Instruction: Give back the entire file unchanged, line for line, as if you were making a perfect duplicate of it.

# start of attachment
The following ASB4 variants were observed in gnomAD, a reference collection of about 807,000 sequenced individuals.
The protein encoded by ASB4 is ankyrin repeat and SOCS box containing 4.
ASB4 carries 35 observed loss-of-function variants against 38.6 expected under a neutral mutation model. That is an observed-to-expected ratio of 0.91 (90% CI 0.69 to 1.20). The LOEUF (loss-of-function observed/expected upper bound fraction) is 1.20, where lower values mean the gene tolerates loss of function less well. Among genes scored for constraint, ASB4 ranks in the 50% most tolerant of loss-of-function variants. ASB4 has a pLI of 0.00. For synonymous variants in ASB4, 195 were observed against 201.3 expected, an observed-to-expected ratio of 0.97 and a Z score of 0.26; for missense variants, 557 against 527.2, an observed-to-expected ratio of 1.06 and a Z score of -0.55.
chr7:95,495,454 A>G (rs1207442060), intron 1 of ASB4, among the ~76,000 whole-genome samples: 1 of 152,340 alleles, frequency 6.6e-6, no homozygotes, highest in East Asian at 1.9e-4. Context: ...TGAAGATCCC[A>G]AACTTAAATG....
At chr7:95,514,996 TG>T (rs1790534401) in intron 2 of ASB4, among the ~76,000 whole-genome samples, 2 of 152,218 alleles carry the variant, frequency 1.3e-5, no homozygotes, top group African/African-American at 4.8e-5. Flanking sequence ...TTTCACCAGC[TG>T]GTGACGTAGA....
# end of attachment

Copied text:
The following ASB4 variants were observed in gnomAD, a reference collection of about 807,000 sequenced individuals.
The protein encoded by ASB4 is ankyrin repeat and SOCS box containing 4.
ASB4 carries 35 observed loss-of-function variants against 38.6 expected under a neutral mutation model. That is an observed-to-expected ratio of 0.91 (90% CI 0.69 to 1.20). The LOEUF (loss-of-function observed/expected upper bound fraction) is 1.20, where lower values mean the gene tolerates loss of function less well. Among genes scored for constraint, ASB4 ranks in the 50% most tolerant of loss-of-function variants. ASB4 has a pLI of 0.00. For synonymous variants in ASB4, 195 were observed against 201.3 expected, an observed-to-expected ratio of 0.97 and a Z score of 0.26; for missense variants, 557 against 527.2, an observed-to-expected ratio of 1.06 and a Z score of -0.55.
chr7:95,495,454 A>G (rs1207442060), intron 1 of ASB4, among the ~76,000 whole-genome samples: 1 of 152,340 alleles, frequency 6.6e-6, no homozygotes, highest in East Asian at 1.9e-4. Context: ...TGAAGATCCC[A>G]AACTTAAATG....
At chr7:95,514,996 TG>T (rs1790534401) in intron 2 of ASB4, among the ~76,000 whole-genome samples, 2 of 152,218 alleles carry the variant, frequency 1.3e-5, no homozygotes, top group African/African-American at 4.8e-5. Flanking sequence ...TTTCACCAGC[TG>T]GTGACGTAGA....